The problem with this passage is this, and I'll bet you saw it: Why did she turn off the path?
Here objective had been clearly articulated: reach Mole's Inn before nightfall. We know all she has to do to get there is keep following the path. We know she's worried about the possibility of werelings in the vicinity. So what the heck is she doing randomly leaving the path like that?
As readers, we can't see any logical reason for it. We can't see how that action is consistent with any of her goals. As readers, we want to yell at her, "What are you doing, you moron? Get back on the path!"
Once she reaches the clearing, we can understand what's going on: she left the path because the author needs her to be at this hut for some reason.
That's fine. An author is welcome to need her to end up at that hut. But that authorial need is not sufficient reason to send her there. Although she may be right where the author wants her, as readers we can't shake the feeling that she shouldn't be. That if Sonja were a real character with real, believable motivations, she wouldn't be.
Here, the author's goal has trumped the character's goals, causing the character to behave in a way that's does not feel believable.
As an author, it's totally fine to need Sonja to end up at that hut for reasons having to do with the plot you're trying to construct. The trick is to arrange the situation such that her motivations coincide with your goals.
How might the author change the situation to achieve this? Part of the problem in the original is that there's really nothing stopping her from going directly to Mole's Inn. So when she doesn't, it feels wrong. Ergo, put something in her way:
She pressed on another quarter hour, then stopped to work a pebble from her shoe. In the silence where her footfalls had been, she heard a noise. A low rumbling sound. A growl. She listened, turning her head slowly to isolate the sound.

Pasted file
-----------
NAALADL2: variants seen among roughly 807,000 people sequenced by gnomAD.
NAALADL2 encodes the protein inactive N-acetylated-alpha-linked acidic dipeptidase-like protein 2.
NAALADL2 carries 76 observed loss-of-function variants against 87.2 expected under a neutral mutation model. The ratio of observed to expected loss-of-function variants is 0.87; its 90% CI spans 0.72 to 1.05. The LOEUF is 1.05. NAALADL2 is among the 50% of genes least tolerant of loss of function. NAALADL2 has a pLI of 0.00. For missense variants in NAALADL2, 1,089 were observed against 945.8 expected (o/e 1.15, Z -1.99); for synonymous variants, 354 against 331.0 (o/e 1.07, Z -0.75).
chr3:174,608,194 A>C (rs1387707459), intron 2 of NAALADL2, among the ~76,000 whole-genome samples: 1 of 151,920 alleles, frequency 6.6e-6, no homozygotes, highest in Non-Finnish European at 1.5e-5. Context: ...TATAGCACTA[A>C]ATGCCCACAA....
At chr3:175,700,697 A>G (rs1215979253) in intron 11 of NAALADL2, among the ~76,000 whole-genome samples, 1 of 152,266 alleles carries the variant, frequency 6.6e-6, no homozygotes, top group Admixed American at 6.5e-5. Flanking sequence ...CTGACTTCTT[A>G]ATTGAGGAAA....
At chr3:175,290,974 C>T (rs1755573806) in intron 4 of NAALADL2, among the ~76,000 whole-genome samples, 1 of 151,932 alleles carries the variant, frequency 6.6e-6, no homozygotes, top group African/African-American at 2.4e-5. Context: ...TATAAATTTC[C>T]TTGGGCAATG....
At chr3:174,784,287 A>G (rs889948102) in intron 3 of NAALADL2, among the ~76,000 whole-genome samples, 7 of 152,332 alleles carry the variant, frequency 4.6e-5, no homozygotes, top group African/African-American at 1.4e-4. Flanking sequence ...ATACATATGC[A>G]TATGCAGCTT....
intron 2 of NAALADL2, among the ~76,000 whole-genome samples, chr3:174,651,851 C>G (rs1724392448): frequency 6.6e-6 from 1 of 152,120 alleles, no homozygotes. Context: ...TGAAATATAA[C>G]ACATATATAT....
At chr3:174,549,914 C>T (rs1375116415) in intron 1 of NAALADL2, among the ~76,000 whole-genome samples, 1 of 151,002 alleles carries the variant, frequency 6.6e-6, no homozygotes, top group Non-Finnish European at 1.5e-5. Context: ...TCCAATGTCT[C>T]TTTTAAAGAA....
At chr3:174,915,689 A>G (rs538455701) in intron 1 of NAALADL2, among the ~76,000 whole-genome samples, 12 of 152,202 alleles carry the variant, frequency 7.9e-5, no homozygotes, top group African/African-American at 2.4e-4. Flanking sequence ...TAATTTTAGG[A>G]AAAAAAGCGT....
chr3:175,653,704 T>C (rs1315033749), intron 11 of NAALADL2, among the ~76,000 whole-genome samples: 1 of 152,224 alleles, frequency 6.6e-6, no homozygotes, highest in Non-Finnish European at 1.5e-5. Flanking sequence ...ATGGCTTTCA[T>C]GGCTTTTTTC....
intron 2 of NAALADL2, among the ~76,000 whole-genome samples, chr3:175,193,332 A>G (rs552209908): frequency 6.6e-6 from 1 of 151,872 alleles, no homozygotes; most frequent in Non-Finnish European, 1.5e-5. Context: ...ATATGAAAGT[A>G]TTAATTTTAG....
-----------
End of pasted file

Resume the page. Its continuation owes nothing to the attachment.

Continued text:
Ahead. Definitely coming from ahead. And she knew that sound. Werelings.
She couldn't see them. No doubt they were hiding around the trail's next bend. There was no sound behind her, but she knew better. They were back there, waiting silently. Waiting for their kin up ahead to bolt out of the trees, forcing her to retreat along the path into the jaws of their trap.
She fingered the knife at her waist. It's sharp, silvered blade could kill a wereling in a single thrust--and had done so many times. Still, only a fool rushed into a fight without knowing the odds.
She finished re-lacing her shoe. There was nothing for it but to go into the trees, quiet as church mice. Find somewhere to hide. She turned to the right and struck off the path.
Problem solved. By changing the situation, the author can change Sonja's immediate goals. Sure, she probably still needs to get to Mole's Inn eventually, but now we've given her the slightly more urgent goal of not getting eaten by the werelings.
By giving her a reason to go off the path, we can align her character-motivated actions with our plot-oriented goals. That is, now we can get her to the hut without making her seem like an idiot.
"Why Didn't They Just …"
The second way to screw up a character's actions is the opposite of the first: to fail to let the character take an obvious action that would seem to advance her goals.
We've all seen this in countless badly made TV shows and movies, where the good guys fail to finish off the bad guys when they have the chance, or vice-versa.